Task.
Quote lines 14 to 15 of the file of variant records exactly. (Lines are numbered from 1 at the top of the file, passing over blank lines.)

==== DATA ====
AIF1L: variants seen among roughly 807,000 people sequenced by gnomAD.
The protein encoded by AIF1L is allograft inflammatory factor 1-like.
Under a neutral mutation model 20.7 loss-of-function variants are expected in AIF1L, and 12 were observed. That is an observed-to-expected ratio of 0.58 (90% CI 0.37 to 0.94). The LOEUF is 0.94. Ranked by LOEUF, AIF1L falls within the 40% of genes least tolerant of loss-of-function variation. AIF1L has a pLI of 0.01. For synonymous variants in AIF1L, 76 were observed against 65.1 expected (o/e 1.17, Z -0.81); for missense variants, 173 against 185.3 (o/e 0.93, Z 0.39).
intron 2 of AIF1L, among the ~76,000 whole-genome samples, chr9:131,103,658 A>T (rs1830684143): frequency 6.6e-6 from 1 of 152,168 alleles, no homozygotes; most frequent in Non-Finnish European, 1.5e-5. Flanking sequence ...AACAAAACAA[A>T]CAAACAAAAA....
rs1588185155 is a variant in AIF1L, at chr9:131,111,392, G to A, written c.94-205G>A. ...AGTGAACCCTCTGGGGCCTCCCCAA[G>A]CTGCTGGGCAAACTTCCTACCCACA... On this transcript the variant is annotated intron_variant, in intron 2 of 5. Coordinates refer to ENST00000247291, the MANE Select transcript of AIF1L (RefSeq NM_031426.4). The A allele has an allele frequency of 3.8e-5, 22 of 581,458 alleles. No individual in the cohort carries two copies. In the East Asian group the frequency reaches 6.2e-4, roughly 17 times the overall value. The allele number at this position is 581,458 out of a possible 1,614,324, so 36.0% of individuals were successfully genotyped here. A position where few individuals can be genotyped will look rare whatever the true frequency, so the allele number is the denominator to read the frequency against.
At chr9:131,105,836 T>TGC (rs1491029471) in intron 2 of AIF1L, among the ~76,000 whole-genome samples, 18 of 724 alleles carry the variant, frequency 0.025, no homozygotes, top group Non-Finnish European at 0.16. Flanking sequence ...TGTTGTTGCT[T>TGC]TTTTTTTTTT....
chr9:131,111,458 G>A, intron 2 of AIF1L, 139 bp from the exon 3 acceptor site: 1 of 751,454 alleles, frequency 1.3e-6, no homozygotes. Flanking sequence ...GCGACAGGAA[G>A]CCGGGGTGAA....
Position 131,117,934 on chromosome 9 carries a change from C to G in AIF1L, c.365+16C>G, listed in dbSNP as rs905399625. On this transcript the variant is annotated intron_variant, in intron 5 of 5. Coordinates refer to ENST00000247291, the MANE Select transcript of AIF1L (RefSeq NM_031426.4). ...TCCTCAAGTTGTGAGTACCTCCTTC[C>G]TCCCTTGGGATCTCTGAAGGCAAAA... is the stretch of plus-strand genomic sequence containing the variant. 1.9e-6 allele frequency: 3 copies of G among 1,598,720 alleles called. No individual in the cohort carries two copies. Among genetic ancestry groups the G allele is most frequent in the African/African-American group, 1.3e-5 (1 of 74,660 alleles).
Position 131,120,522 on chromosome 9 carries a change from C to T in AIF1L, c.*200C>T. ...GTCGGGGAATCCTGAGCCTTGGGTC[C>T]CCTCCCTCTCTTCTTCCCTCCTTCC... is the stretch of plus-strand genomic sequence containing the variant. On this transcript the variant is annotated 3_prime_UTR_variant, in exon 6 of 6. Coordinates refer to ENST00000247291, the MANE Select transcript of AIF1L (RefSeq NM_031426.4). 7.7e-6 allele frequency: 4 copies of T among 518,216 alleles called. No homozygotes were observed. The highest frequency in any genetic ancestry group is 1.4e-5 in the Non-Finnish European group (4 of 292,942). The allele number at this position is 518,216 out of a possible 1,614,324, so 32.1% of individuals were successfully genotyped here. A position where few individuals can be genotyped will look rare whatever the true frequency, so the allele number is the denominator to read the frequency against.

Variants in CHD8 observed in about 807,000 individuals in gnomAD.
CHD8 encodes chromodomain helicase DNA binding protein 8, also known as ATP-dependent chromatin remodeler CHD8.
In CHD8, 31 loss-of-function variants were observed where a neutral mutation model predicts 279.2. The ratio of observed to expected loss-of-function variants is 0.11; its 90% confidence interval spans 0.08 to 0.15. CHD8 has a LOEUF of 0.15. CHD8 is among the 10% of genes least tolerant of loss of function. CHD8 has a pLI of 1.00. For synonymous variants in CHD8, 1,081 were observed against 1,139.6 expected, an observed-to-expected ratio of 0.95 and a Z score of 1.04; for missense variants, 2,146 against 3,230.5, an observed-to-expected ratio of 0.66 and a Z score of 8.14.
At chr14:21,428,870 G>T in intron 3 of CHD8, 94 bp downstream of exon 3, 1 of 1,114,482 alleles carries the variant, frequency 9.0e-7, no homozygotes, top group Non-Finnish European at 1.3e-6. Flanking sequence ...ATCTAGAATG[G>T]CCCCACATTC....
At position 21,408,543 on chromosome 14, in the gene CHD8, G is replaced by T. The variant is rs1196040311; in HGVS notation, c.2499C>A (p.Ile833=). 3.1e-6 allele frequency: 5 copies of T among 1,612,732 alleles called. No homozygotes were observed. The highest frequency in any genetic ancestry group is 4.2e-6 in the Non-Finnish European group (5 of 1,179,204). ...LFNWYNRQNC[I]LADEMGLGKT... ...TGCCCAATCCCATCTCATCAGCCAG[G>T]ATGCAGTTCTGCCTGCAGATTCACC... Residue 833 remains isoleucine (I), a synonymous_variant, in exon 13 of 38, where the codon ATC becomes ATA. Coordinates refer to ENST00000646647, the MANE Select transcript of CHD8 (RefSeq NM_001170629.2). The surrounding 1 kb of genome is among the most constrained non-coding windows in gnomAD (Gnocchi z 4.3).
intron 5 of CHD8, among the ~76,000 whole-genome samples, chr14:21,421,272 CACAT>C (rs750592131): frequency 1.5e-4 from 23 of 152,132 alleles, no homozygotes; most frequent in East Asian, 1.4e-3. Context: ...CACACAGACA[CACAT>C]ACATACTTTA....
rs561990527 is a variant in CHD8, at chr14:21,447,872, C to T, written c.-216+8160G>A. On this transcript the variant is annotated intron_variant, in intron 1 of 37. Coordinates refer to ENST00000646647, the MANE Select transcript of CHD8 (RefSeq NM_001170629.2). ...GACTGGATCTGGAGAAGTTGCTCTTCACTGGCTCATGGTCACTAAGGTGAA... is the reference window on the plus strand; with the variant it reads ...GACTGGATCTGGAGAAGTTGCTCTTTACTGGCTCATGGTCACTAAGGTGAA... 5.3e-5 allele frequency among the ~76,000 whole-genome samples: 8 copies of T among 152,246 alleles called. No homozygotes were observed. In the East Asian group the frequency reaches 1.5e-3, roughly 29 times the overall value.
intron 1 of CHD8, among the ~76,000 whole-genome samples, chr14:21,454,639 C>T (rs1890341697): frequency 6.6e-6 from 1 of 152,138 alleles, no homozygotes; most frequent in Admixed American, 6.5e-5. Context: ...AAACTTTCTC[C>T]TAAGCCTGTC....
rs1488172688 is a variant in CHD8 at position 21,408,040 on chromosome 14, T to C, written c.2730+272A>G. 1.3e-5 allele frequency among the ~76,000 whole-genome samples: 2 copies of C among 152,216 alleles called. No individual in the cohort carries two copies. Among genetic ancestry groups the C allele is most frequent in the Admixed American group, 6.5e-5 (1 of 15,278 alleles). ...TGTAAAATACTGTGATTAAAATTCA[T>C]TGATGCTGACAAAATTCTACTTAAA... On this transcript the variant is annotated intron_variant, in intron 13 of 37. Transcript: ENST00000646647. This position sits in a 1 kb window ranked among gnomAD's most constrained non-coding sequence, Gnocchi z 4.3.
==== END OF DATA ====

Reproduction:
At position 21,408,543 on chromosome 14, in the gene CHD8, G is replaced by T. The variant is rs1196040311; in HGVS notation, c.2499C>A (p.Ile833=). 3.1e-6 allele frequency: 5 copies of T among 1,612,732 alleles called. No homozygotes were observed. The highest frequency in any genetic ancestry group is 4.2e-6 in the Non-Finnish European group (5 of 1,179,204). ...LFNWYNRQNC[I]LADEMGLGKT... ...TGCCCAATCCCATCTCATCAGCCAG[G>T]ATGCAGTTCTGCCTGCAGATTCACC... Residue 833 remains isoleucine (I), a synonymous_variant, in exon 13 of 38, where the codon ATC becomes ATA. Coordinates refer to ENST00000646647, the MANE Select transcript of CHD8 (RefSeq NM_001170629.2). The surrounding 1 kb of genome is among the most constrained non-coding windows in gnomAD (Gnocchi z 4.3).
intron 5 of CHD8, among the ~76,000 whole-genome samples, chr14:21,421,272 CACAT>C (rs750592131): frequency 1.5e-4 from 23 of 152,132 alleles, no homozygotes; most frequent in East Asian, 1.4e-3. Context: ...CACACAGACA[CACAT>C]ACATACTTTA....